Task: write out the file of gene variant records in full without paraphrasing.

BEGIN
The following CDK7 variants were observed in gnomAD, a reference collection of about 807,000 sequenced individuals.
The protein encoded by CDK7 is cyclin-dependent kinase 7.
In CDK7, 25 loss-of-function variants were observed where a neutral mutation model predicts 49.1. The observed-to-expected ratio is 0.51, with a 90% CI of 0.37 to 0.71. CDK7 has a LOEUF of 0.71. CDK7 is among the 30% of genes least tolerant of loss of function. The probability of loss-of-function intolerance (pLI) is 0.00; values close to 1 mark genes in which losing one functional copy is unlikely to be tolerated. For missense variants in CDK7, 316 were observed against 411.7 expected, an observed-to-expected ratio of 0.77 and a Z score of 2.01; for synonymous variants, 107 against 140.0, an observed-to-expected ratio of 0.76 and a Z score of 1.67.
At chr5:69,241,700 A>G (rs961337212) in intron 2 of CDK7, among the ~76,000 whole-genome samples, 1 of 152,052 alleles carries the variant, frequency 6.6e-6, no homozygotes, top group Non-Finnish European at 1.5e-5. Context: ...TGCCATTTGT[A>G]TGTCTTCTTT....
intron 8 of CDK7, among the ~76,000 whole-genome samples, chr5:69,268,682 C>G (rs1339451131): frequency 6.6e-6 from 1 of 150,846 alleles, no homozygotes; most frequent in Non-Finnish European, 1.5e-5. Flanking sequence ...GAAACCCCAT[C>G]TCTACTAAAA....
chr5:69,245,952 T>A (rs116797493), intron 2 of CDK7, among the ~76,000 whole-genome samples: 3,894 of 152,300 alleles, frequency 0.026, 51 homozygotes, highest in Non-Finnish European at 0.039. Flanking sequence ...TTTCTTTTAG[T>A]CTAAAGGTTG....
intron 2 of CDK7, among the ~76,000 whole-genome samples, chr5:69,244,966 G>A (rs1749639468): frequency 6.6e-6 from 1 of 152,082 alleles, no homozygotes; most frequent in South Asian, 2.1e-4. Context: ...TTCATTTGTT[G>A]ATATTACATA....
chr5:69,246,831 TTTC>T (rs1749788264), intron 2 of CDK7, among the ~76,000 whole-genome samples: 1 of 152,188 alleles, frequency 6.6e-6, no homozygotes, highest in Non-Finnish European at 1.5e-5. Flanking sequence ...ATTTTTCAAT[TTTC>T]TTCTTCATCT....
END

The following CDK7 variants were observed in gnomAD, a reference collection of about 807,000 sequenced individuals.
The protein encoded by CDK7 is cyclin-dependent kinase 7.
In CDK7, 25 loss-of-function variants were observed where a neutral mutation model predicts 49.1. The observed-to-expected ratio is 0.51, with a 90% CI of 0.37 to 0.71. CDK7 has a LOEUF of 0.71. CDK7 is among the 30% of genes least tolerant of loss of function. The probability of loss-of-function intolerance (pLI) is 0.00; values close to 1 mark genes in which losing one functional copy is unlikely to be tolerated. For missense variants in CDK7, 316 were observed against 411.7 expected, an observed-to-expected ratio of 0.77 and a Z score of 2.01; for synonymous variants, 107 against 140.0, an observed-to-expected ratio of 0.76 and a Z score of 1.67.
At chr5:69,241,700 A>G (rs961337212) in intron 2 of CDK7, among the ~76,000 whole-genome samples, 1 of 152,052 alleles carries the variant, frequency 6.6e-6, no homozygotes, top group Non-Finnish European at 1.5e-5. Context: ...TGCCATTTGT[A>G]TGTCTTCTTT....
intron 8 of CDK7, among the ~76,000 whole-genome samples, chr5:69,268,682 C>G (rs1339451131): frequency 6.6e-6 from 1 of 150,846 alleles, no homozygotes; most frequent in Non-Finnish European, 1.5e-5. Flanking sequence ...GAAACCCCAT[C>G]TCTACTAAAA....
chr5:69,245,952 T>A (rs116797493), intron 2 of CDK7, among the ~76,000 whole-genome samples: 3,894 of 152,300 alleles, frequency 0.026, 51 homozygotes, highest in Non-Finnish European at 0.039. Flanking sequence ...TTTCTTTTAG[T>A]CTAAAGGTTG....
intron 2 of CDK7, among the ~76,000 whole-genome samples, chr5:69,244,966 G>A (rs1749639468): frequency 6.6e-6 from 1 of 152,082 alleles, no homozygotes; most frequent in South Asian, 2.1e-4. Context: ...TTCATTTGTT[G>A]ATATTACATA....
chr5:69,246,831 TTTC>T (rs1749788264), intron 2 of CDK7, among the ~76,000 whole-genome samples: 1 of 152,188 alleles, frequency 6.6e-6, no homozygotes, highest in Non-Finnish European at 1.5e-5. Flanking sequence ...ATTTTTCAAT[TTTC>T]TTCTTCATCT....